The RAF operated eight squadrons of dual-capable Tornado GR.1/1A aircraft. At the end of March 1998, with the withdrawal of the last remaining WE177 bombs from operational service, the Tornadoes' nuclear role was terminated, bringing to an end a four decade long history of RAF aircraft carrying nuclear weapons. By the end of August 1998 the remaining WE177 bombs had been dismantled. The Tornadoes currently at RAF Bruggen in Germany will be reassigned to RAF Lossiemouth and RAF Marham in the UK by the end of 2001, and the base at Bruggen will be closed.
In April 2000 the Ministry of Defence (MOD) awarded a contract for 10 years of operation of the Atomic Weapons Establishment (AWE) to an industrial consortium consisting of Lockheed Martin, Serco Limited and British Nuclear Fuels. The amount of the contract was £2.2 billion ($3.6 billion). On 1 April 1999 the Chief of Defence Logistics assumed overall responsibility for the routine movement of nuclear weapons within the UK. Day-to-day duties are being transferred, in phases, from Royal Air Force (RAF) personnel to the Ministry of Defence (MOD) Police, with support from AWE civilians and the Royal Marines. The process will occur gradually and be completed by March 31, 2002.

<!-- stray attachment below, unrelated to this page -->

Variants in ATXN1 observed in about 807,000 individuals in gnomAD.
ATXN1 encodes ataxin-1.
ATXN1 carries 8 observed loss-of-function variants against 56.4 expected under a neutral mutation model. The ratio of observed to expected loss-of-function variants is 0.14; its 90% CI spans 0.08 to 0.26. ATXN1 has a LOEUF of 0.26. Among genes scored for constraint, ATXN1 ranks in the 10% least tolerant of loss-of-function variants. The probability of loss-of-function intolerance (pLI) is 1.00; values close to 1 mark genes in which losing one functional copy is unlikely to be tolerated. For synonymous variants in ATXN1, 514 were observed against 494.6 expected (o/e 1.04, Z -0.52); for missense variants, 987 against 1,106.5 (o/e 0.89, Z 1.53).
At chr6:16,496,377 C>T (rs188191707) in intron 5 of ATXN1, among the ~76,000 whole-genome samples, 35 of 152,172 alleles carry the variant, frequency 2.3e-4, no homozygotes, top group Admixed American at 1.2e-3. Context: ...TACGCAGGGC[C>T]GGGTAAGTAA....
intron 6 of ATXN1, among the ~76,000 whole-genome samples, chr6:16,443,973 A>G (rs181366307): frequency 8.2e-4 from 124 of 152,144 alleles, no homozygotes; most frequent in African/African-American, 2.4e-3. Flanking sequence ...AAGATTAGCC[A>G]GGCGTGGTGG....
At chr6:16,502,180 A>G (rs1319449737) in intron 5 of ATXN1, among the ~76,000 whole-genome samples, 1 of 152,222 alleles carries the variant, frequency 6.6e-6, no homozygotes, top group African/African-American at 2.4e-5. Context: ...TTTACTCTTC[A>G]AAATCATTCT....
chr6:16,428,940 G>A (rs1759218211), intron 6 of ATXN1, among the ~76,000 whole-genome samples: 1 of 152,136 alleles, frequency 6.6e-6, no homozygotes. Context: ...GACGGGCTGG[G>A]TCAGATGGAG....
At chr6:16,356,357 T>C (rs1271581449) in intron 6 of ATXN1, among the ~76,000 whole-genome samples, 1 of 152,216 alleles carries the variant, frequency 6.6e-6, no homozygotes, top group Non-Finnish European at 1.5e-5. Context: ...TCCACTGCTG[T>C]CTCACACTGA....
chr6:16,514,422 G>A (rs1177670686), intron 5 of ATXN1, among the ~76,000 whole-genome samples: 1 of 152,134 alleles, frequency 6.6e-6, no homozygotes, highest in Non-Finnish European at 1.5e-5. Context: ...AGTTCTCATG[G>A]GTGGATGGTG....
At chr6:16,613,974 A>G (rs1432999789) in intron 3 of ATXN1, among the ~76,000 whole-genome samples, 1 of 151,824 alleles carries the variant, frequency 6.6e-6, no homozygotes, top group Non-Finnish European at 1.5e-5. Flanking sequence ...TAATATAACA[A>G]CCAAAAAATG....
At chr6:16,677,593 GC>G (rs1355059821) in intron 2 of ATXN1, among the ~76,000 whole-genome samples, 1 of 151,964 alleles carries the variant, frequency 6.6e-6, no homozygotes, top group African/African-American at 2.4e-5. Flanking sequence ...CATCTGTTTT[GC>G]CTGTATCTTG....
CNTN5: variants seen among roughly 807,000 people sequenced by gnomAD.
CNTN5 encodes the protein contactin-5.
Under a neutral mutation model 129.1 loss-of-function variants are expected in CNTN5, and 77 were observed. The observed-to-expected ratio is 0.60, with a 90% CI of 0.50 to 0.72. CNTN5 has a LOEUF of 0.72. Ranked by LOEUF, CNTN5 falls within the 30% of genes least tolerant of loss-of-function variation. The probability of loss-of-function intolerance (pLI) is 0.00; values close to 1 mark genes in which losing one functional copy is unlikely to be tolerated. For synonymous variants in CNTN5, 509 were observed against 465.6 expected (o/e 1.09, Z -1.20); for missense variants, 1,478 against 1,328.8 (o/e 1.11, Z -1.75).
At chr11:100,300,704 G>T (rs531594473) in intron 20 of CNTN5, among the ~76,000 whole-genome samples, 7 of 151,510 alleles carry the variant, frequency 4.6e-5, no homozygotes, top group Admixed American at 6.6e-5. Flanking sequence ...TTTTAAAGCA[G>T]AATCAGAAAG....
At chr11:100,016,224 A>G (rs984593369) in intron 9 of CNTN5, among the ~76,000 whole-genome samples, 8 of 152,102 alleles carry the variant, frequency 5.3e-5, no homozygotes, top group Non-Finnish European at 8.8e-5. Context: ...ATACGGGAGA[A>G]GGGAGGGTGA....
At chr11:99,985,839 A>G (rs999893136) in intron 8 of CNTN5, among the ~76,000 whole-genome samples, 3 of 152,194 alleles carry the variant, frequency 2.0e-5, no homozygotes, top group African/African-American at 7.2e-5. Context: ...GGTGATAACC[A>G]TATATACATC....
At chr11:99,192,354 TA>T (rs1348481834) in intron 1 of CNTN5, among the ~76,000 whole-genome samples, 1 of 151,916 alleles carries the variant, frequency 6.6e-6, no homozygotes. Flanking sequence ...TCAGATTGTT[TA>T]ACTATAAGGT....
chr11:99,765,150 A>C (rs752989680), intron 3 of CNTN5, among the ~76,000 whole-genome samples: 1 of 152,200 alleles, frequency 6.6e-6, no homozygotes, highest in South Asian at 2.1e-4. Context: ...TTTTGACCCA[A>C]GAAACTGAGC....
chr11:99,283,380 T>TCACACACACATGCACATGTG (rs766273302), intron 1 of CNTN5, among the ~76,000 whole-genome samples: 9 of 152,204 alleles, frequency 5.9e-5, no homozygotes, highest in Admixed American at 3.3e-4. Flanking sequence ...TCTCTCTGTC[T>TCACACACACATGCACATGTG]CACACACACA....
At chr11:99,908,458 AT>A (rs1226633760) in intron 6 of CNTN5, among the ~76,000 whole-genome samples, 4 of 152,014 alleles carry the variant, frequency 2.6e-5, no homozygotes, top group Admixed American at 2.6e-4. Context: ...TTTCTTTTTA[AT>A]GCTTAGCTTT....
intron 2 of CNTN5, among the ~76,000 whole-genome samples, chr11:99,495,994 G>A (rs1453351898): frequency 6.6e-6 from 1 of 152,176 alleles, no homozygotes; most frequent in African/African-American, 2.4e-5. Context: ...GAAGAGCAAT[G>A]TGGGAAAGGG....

The first submarine of the new Trident Class, the HMS Vanguard, went on its first patrol in December 1994. The second submarine, Victorious, entered service in December 1995. The third, Vigilant, was launched in October 1995 and entered service in the autumn of 1998. The fourth and final submarine of the class, Vengeance, was launched on September 19, 1998 and commissioned on November 27, 1999 at the Marconi-Marine Shipyard in Barrow-in-Furness. The Royal Navy announced in February 2001 that the Vengeance entered operational service with the First Submarine Squadron began its part of the cycle of patrols. The Vanguard Class submarine has a total complement of 205 to provide a Ship's Company of 130 for a patrol. The current estimated cost of the program is $19.8 billion (£13, 662).